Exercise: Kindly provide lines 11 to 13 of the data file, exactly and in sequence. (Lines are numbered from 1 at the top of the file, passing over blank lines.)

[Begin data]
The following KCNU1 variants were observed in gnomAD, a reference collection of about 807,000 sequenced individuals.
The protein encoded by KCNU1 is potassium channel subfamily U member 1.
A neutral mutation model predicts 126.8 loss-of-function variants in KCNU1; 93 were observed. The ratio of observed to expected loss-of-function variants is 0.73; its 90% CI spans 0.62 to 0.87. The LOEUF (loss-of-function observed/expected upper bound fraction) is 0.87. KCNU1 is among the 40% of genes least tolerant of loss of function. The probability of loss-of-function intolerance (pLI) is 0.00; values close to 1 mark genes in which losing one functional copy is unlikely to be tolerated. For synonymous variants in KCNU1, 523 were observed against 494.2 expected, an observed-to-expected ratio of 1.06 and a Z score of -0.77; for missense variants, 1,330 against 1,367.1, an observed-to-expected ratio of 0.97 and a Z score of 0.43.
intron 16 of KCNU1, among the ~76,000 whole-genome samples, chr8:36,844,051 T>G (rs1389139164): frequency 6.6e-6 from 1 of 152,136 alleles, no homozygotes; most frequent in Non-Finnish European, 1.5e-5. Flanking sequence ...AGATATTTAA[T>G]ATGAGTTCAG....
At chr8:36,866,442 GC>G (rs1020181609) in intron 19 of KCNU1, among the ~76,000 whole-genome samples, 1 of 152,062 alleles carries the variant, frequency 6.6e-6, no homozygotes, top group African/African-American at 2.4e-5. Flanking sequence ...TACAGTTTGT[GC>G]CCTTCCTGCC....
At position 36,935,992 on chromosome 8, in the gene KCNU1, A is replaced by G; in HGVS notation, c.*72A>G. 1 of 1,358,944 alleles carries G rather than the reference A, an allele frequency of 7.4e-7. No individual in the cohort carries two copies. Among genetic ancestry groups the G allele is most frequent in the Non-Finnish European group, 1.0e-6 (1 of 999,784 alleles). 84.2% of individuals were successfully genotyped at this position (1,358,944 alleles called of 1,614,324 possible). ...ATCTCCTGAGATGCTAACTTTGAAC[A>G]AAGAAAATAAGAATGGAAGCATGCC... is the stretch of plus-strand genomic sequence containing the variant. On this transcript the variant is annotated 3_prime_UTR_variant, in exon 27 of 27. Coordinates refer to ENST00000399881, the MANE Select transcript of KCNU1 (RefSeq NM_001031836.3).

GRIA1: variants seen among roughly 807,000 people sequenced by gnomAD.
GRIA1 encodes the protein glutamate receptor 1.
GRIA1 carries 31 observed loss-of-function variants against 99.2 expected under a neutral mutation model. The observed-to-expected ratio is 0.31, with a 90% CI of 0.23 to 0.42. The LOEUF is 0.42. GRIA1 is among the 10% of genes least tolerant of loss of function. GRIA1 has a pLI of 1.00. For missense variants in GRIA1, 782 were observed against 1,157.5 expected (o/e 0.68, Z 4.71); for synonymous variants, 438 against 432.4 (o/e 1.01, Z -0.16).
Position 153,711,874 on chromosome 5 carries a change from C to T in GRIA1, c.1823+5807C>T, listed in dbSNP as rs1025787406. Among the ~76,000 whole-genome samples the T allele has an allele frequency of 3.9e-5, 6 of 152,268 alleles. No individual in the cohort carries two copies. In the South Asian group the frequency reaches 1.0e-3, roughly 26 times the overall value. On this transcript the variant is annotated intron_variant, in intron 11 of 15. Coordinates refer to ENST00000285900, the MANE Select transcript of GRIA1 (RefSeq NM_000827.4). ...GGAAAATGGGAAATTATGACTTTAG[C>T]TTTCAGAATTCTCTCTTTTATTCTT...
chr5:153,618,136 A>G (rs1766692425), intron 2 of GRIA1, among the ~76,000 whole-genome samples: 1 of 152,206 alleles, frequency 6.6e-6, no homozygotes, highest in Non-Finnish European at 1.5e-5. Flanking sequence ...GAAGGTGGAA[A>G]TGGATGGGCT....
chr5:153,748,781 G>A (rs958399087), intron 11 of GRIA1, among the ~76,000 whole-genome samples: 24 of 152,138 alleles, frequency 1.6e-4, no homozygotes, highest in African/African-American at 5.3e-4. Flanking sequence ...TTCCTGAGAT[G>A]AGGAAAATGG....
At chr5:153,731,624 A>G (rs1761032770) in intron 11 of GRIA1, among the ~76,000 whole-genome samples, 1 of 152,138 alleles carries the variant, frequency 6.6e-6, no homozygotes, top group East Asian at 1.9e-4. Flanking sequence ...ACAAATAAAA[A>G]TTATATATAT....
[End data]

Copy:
chr5:153,618,136 A>G (rs1766692425), intron 2 of GRIA1, among the ~76,000 whole-genome samples: 1 of 152,206 alleles, frequency 6.6e-6, no homozygotes, highest in Non-Finnish European at 1.5e-5. Flanking sequence ...GAAGGTGGAA[A>G]TGGATGGGCT....
chr5:153,748,781 G>A (rs958399087), intron 11 of GRIA1, among the ~76,000 whole-genome samples: 24 of 152,138 alleles, frequency 1.6e-4, no homozygotes, highest in African/African-American at 5.3e-4. Flanking sequence ...TTCCTGAGAT[G>A]AGGAAAATGG....
At chr5:153,731,624 A>G (rs1761032770) in intron 11 of GRIA1, among the ~76,000 whole-genome samples, 1 of 152,138 alleles carries the variant, frequency 6.6e-6, no homozygotes, top group East Asian at 1.9e-4. Flanking sequence ...ACAAATAAAA[A>G]TTATATATAT....